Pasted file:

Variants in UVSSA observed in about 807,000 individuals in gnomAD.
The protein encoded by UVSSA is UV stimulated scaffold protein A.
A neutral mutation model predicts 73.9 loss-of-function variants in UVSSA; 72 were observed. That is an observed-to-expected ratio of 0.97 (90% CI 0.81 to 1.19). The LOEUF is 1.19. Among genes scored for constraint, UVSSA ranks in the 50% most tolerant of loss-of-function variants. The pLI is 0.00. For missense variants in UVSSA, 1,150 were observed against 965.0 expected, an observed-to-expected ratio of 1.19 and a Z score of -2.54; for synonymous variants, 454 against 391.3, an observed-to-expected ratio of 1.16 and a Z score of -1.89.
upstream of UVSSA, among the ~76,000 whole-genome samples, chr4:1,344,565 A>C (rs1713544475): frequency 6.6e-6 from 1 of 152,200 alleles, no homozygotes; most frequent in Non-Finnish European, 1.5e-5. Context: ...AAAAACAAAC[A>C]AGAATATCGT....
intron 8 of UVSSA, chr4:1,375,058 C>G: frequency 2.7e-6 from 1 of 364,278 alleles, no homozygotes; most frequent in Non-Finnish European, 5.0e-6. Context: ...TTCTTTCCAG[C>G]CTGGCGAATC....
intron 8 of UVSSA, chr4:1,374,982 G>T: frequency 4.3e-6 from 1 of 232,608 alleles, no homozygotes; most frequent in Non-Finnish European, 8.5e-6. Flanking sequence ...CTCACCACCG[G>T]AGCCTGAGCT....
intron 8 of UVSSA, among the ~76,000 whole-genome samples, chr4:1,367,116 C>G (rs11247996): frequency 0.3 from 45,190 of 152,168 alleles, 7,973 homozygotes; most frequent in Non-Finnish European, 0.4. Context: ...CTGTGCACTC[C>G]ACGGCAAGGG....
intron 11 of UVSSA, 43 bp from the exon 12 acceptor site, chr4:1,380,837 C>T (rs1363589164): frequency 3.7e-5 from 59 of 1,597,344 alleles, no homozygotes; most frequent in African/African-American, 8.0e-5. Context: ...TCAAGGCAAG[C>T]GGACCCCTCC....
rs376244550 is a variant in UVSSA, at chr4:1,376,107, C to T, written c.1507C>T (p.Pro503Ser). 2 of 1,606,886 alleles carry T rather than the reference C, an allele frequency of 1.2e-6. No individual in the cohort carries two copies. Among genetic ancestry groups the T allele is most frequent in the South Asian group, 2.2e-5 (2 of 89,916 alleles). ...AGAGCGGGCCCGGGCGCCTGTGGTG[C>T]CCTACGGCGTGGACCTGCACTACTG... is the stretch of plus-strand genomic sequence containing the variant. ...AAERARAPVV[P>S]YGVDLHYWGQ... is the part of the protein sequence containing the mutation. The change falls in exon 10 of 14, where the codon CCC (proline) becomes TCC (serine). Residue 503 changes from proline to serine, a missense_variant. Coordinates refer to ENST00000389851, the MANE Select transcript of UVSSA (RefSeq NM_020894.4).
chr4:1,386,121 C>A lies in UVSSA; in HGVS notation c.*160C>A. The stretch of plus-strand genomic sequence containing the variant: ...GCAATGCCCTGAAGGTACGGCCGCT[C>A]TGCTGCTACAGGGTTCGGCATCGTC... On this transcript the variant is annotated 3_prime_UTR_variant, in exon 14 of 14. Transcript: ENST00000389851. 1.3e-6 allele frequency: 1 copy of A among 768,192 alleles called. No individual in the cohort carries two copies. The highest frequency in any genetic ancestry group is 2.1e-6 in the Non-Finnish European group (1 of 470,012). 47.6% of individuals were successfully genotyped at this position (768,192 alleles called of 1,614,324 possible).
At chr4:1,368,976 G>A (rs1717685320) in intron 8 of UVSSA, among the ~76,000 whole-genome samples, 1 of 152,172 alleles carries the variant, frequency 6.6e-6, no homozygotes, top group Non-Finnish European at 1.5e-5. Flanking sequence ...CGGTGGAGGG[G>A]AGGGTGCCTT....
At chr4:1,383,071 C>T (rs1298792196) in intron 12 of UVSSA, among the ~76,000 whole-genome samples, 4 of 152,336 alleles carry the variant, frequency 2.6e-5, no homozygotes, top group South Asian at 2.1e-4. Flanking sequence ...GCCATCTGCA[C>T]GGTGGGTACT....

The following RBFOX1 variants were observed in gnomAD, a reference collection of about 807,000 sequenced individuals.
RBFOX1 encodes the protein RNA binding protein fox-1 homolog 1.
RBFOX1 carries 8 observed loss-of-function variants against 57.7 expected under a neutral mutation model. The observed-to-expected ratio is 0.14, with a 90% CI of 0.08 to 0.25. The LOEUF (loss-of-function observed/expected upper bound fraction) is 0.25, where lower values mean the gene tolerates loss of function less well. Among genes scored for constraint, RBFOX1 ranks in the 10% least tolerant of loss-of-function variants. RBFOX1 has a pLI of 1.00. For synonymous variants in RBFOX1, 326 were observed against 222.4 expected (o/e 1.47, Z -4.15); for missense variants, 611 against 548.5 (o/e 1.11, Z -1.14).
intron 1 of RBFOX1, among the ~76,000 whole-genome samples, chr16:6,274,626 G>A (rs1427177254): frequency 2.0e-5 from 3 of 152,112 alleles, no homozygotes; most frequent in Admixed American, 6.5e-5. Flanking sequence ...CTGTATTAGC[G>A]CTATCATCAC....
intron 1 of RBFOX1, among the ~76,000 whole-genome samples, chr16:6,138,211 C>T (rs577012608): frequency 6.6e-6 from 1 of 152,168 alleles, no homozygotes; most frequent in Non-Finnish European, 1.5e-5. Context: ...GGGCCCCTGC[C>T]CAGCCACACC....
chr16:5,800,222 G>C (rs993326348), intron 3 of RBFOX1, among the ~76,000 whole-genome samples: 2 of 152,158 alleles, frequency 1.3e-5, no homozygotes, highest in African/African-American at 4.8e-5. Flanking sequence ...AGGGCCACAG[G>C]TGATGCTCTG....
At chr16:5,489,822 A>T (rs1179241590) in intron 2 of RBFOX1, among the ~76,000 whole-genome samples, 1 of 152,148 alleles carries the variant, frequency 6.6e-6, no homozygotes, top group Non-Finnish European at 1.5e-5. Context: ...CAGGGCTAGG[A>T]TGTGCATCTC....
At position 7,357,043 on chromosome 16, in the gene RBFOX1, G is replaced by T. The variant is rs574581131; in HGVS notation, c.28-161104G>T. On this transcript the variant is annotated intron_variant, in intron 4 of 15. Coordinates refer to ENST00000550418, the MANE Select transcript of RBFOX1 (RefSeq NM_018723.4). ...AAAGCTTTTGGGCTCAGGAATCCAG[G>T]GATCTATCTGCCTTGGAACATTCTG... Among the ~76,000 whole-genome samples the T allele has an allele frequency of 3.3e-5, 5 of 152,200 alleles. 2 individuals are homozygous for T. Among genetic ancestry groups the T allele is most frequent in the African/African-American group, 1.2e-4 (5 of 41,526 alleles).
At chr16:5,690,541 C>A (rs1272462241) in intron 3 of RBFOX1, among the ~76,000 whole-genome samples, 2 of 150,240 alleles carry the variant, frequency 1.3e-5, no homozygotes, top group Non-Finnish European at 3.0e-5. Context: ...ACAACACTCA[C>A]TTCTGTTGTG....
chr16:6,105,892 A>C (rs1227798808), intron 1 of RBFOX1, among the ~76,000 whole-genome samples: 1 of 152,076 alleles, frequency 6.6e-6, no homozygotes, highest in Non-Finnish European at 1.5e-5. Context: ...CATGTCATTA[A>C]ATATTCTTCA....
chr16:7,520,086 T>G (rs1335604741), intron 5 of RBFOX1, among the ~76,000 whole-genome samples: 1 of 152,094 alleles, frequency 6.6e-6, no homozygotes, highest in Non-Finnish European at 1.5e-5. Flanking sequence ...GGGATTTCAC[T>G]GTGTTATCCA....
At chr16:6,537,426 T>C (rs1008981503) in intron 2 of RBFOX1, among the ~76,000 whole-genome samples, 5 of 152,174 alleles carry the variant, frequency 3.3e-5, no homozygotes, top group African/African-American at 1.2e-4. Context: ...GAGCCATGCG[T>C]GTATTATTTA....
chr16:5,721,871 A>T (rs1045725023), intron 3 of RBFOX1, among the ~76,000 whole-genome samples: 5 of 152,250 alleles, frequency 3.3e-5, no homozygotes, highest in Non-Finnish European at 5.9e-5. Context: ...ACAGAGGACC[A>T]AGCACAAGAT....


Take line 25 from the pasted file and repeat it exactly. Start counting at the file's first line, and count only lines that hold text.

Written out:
chr16:5,721,871 A>T (rs1045725023), intron 3 of RBFOX1, among the ~76,000 whole-genome samples: 5 of 152,250 alleles, frequency 3.3e-5, no homozygotes, highest in Non-Finnish European at 5.9e-5. Context: ...ACAGAGGACC[A>T]AGCACAAGAT....